If I can't get all this stuff done now, I'll get it all done next week, or month, or some other future date.

And, then, things start to pile up. We get so behind in our work it feels like getting back on track is impossible. 

The best way to avoid this productivity trap is to not fall into it all. 

The 15 Minute Challenge

This holiday season I started a 15-minute daily challenge for my Launch My Conscious Line students. Because during this time of year I see a lot of founders lose motivation. And, they always have the same thought process - I'll just pick this all back up in the new year. But, just like failed new years resolutions - it never gets done. And, that's not entirely their fault, it’s just human nature.

When you want to make a huge change all at once (like, from not working on your brand at all to dedicating your life to it, or never working out and then trying to spend 3 hours a day at the gym) you end up burning out quickly. And, ultimately you set yourself up for failure. 

15 minutes is doable for everyone - no matter what life throws at you.

The hack is to do just a little bit, every day. Whatever it is that you can. And those 15 minutes will all add up to launching your clothing line startup.

So, for my students, the goal is just 15 minutes of work every single day. I know that doesn't sound like a lot - but it does two things. One it keeps the momentum going. While not everything is getting done, some things are getting done, and they are still making progress. Because, some things are always better than nothing. And two, it is setting healthy habits. By creating an achievable goal (we will talk more about goal setting a little later). Hey, everyone has 15 minutes to spare in a day. So, it becomes something that is easy to work into your routine. And the more you do something, the more it becomes a habit.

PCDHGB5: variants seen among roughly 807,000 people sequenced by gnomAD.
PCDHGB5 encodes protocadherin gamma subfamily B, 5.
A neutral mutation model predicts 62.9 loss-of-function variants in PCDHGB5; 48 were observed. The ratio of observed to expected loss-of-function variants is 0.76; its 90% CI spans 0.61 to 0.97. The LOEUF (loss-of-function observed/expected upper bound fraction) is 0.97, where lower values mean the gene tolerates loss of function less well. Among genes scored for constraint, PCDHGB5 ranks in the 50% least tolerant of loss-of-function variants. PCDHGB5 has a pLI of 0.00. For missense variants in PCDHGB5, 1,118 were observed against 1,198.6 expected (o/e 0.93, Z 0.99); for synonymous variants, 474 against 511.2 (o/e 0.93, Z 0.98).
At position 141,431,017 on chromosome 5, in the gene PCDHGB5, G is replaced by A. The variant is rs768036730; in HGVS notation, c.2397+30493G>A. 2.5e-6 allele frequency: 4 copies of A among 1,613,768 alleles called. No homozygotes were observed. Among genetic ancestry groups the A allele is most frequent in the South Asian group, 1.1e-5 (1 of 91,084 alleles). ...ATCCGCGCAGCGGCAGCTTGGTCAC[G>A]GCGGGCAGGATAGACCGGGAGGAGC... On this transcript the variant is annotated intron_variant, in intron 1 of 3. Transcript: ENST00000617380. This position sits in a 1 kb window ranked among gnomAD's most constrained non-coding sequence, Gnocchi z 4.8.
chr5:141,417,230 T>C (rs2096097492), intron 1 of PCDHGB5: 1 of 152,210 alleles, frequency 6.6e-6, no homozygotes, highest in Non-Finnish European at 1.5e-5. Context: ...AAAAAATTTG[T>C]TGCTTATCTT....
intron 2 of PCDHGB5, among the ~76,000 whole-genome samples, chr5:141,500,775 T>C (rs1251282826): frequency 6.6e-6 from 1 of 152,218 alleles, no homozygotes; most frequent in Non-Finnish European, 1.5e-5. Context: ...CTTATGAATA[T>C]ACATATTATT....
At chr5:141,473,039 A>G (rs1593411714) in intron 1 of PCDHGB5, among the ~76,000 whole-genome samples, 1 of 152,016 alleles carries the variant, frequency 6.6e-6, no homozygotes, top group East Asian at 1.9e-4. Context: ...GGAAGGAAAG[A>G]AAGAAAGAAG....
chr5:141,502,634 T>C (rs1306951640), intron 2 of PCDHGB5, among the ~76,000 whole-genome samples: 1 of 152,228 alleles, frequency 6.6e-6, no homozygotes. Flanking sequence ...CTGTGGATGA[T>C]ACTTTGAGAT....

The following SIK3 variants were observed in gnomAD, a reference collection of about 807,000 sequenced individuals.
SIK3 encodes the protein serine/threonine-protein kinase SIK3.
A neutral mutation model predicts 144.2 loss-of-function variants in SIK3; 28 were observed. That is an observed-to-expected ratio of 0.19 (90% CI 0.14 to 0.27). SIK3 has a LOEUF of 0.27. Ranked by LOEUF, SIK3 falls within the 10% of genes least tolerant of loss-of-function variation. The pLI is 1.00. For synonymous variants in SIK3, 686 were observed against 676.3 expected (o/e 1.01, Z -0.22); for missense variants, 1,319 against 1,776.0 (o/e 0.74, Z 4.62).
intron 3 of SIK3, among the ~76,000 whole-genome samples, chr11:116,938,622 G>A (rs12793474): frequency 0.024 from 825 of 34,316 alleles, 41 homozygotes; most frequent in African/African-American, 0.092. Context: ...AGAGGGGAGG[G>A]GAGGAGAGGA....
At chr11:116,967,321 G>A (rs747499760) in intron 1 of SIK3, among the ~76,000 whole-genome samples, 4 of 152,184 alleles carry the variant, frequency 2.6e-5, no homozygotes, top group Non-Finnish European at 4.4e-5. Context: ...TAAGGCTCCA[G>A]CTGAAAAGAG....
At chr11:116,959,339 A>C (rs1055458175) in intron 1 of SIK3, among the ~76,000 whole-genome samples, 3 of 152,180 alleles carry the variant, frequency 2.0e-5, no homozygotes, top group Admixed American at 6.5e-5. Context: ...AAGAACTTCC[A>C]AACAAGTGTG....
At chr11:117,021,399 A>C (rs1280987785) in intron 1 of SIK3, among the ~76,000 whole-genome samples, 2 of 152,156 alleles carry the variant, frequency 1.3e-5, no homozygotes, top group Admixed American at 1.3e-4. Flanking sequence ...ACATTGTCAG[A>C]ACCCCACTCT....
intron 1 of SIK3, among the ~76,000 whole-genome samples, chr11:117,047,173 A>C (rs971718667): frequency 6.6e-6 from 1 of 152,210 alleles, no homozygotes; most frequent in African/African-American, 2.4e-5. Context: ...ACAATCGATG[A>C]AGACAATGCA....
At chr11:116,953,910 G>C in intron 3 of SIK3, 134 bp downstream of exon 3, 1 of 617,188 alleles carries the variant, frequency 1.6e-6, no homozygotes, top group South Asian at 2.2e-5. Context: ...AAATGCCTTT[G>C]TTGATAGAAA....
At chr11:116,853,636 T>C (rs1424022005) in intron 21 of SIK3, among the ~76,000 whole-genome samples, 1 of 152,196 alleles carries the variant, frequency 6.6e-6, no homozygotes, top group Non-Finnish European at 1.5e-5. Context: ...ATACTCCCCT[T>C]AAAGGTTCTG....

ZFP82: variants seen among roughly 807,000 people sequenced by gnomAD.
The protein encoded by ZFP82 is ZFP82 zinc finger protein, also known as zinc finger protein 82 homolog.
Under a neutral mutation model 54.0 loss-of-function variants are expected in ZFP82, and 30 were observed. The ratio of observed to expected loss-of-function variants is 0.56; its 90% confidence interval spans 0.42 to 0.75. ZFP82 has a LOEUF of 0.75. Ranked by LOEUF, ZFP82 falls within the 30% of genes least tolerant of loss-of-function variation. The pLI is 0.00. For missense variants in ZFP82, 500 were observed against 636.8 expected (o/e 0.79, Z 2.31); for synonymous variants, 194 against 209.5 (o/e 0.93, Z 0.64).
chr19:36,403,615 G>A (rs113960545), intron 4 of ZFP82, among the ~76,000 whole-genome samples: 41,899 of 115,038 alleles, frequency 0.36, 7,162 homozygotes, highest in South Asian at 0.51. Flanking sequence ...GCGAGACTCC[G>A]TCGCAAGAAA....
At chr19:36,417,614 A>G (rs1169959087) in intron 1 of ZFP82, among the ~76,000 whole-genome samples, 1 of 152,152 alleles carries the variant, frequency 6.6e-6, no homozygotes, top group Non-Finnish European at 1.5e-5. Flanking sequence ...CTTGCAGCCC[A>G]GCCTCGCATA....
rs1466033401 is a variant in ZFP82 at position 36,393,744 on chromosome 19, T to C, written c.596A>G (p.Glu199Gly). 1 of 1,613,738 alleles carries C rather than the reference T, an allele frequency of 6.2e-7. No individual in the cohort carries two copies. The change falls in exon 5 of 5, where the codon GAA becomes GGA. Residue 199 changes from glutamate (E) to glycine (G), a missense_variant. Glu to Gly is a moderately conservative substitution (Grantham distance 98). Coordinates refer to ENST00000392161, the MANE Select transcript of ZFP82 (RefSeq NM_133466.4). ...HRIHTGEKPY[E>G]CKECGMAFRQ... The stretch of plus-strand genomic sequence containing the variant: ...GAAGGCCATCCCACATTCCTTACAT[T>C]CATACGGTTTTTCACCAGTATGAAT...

I really do believe in the 15 minutes a day challenge for when life get’s crazy. You can accomplish so much in 15 minutes. 

Seriously, if you clear out all distractions and really focus, you can get shiz done. I'm proof. I have an app to learn Hindi. And, I set it to 15 minutes a day. Now my memory is terrible, and I am also terrible at languages - but I can tell you this, doing it every day for 15 minutes, I am seeing huge progress. Yea, the first few weeks I was kind of feeling like what's the point I am getting nowhere. But, as the weeks turned to months - I started seeing real progress.

And, that's why founders that show up, no matter what, are the ones that are successful. All of those times (while they might not seem important in the moment) add up and create success.

If you only do one thing on this list. Show up. 

I swear, it is the number one predictor of brands that will be successful. The students that show up to office hours week after week, even if it's just to listen to others because they could not work on their own brand - those are the ones that make it in the end.


starting up a clothing brand

I need you to do me a favor, and change your mindset right this second. Whatever happens, no matter who's fault it is, it is your responsibility to solve the problem.

I mentioned earlier that things will go wrong. And, that really is the one thing I can promise you with absolute certainty on your clothing line startup journey. 

Nothing will go as planned.

And you know what? That's ok.

The key is to get through it. And, the secret to getting through it is to stop being a victim.